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The Post-Election International Challenges Ahead For The BVI The Virgin Islands Party (VIP) Government led by Premier and Minister of Finance Andrew A. Fahie has taken the reigns of state at a time when the British Virgin Islands (BVI) faces unprecedented international challenges that must be strategically addressed to secure the economic and political future of the Territory.


he most pressing international issues are the United Kingdom’s (UK) push for an immediate commitment by the BVI to implement a public register of beneficial ownership by 2023; and the European Union’s (EU) insistence that this year the Territory fully implement the economic substance requirements the House of Assembly has legislated for BVI companies that are tax resident in the jurisdiction. These pressures threaten to erode the BVI’s competitive edge as an International Finance Centre (IFC) and places at risk the more than 65% of government revenue generated by the financial services industry. Unfortunately, the BVI’s international challenges do not end there. The looming threat of further UK Parliamentary action to impose policies on the BVI and other Overseas Territories (OTs) without their consent, remains present as evidenced by the recommendations recently made by the House of Commons Foreign Affairs Committee (FAC) in its report, Global Britain and the British Overseas Territories: Resetting the Relationship. The committee calls for the UK to force the OTs to legalise same-sex marriage, abolish Belonger Status as a category of citizenship, and for each OT to permit legally resident persons from the UK and other OTs to vote and run for office. Farther afield as Brexit draws closer, the BVI is poised to lose its political status in the EU as one of the Overseas Countries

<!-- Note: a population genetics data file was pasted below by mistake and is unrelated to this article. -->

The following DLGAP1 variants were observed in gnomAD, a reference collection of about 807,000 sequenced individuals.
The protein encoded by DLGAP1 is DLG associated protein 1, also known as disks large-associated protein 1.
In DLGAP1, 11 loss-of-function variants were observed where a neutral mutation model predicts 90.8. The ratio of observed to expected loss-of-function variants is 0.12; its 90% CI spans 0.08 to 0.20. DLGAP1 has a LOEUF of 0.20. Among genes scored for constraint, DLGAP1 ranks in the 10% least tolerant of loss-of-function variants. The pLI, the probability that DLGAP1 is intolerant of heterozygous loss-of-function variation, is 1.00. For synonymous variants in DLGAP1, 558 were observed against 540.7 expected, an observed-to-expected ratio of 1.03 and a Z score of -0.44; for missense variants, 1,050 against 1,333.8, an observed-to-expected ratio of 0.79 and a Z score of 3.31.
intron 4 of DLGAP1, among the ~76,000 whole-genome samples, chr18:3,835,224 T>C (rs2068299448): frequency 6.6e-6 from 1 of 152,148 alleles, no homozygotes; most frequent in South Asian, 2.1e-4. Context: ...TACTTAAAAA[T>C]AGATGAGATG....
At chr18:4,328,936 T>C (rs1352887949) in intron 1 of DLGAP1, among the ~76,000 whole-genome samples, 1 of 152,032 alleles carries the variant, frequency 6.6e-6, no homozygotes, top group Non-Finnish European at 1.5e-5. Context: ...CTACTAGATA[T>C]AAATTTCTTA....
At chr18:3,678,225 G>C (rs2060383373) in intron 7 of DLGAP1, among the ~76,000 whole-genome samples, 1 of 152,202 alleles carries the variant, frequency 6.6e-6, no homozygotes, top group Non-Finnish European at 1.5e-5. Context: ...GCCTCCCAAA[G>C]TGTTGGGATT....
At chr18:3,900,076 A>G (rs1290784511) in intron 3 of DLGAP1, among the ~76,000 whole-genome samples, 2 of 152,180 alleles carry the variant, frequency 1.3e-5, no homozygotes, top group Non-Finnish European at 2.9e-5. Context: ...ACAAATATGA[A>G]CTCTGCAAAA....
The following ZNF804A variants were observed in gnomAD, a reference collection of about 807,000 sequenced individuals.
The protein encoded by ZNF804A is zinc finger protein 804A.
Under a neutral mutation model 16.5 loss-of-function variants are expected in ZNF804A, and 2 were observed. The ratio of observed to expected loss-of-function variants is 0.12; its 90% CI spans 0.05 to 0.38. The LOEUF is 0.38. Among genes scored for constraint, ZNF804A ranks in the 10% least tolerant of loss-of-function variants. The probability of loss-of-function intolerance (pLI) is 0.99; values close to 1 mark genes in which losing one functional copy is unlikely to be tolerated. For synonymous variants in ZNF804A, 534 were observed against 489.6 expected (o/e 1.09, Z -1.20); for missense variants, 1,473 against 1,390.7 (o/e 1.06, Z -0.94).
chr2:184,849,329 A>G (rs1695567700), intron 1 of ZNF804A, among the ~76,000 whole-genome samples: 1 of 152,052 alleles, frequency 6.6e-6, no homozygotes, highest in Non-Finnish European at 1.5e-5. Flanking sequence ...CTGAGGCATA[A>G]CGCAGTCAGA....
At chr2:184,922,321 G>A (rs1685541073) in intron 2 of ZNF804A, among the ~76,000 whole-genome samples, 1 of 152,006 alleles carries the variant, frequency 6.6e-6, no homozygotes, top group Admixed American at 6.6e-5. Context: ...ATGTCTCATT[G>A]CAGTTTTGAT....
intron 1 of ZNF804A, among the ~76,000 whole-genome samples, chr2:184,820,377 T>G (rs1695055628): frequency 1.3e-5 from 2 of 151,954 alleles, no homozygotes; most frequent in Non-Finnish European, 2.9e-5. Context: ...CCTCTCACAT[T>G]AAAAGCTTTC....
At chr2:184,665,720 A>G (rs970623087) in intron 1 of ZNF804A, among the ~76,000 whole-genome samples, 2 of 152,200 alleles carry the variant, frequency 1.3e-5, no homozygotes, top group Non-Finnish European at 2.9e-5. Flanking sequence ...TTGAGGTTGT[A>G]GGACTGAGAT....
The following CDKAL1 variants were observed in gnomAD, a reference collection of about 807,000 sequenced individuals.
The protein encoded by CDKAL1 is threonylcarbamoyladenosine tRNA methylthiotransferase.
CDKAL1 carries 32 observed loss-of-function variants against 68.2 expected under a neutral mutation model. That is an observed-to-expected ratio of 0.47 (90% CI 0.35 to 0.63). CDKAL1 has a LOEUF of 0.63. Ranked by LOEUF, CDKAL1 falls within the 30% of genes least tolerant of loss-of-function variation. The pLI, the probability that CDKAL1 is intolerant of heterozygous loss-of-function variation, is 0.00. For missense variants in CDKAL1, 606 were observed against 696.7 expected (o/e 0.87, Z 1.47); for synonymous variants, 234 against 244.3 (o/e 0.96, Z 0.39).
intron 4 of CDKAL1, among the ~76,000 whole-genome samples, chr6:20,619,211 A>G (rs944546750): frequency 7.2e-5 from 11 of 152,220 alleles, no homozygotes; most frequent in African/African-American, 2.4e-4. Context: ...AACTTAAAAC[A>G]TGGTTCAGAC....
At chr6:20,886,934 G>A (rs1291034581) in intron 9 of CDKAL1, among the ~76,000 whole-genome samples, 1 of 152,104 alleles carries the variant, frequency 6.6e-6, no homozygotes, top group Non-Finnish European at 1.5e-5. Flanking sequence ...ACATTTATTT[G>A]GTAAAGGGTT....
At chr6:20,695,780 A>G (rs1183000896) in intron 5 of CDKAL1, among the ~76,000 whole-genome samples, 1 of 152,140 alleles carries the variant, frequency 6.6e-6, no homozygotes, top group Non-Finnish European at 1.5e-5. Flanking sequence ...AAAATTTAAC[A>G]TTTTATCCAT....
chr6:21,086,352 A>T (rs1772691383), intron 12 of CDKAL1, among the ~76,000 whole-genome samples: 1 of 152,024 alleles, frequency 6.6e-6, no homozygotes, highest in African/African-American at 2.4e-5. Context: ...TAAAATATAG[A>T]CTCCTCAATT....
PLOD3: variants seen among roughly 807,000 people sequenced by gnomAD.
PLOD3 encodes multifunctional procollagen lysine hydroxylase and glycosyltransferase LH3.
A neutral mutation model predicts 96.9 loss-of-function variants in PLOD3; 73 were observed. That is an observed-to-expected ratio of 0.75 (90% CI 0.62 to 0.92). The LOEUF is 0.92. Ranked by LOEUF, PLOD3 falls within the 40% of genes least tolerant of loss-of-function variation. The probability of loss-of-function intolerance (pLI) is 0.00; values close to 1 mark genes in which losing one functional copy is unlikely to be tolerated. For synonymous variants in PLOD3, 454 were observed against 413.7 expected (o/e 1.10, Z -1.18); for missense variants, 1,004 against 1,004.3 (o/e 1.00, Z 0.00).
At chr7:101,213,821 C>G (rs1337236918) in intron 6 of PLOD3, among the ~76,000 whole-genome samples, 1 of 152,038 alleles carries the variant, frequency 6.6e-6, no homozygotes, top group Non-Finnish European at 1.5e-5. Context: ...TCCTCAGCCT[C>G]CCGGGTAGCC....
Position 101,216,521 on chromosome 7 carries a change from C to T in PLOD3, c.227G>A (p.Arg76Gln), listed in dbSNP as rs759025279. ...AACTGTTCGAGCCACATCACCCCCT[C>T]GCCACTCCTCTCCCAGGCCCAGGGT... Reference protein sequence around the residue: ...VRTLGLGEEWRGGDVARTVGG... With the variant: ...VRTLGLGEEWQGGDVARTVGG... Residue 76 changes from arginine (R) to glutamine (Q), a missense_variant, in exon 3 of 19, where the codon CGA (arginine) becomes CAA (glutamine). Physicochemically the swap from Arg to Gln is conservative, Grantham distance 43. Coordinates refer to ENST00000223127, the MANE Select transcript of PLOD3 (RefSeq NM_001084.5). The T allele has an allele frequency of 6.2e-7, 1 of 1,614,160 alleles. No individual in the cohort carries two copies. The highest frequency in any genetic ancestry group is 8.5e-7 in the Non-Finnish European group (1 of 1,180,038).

JULY 2019

and Territories (OCTs) associated with the bloc. Among other things, the BVI will no longer serve as Co-Chair alongside the European Commission of the OCTEU Financial Services Working Party in Brussels where the Territory has been highly effective in its role as a facilitator of policy dialogue with the EU on financial services matters. The BVI will also lose access to EU funding after 2020 for sustainable development projects in areas such as climate change, biodiversity and sustainable energy. At the global economic level, the BVI will eventually feel the latent effects of the United States (US) trade war with China as prices rise on US goods imported by the Territory that are affected by higher tariffs. A protracted trade war also holds the potential for a recession in the US and would undoubtedly affect tourist arrivals to the destination from its largest market.

This assortment of issues are among the current international challenges confronting the Territory. To effectively respond to them, the BVI requires engagement strategies with its major international partners such as the UK, EU and United Nations (UN) to manage the problems that confront the Territory. Longer term, however, the BVI will need a comprehensive international strategy to guide the Territory’s approach to the changing global economic and political landscape. Among other things, such a strategy should include expanding the BVI’s international presence, particularly in North and Latin America while deepening the BVI Asian footprint where new commercial opportunities await the jurisdiction.

Profile for Business BVI

Business BVI July 2019  

The theme for the July 2019 edition is ‘A View Beyond the Horizon’, which is intended to reflect where the territory is post 2017, while at...

Business BVI July 2019  

The theme for the July 2019 edition is ‘A View Beyond the Horizon’, which is intended to reflect where the territory is post 2017, while at...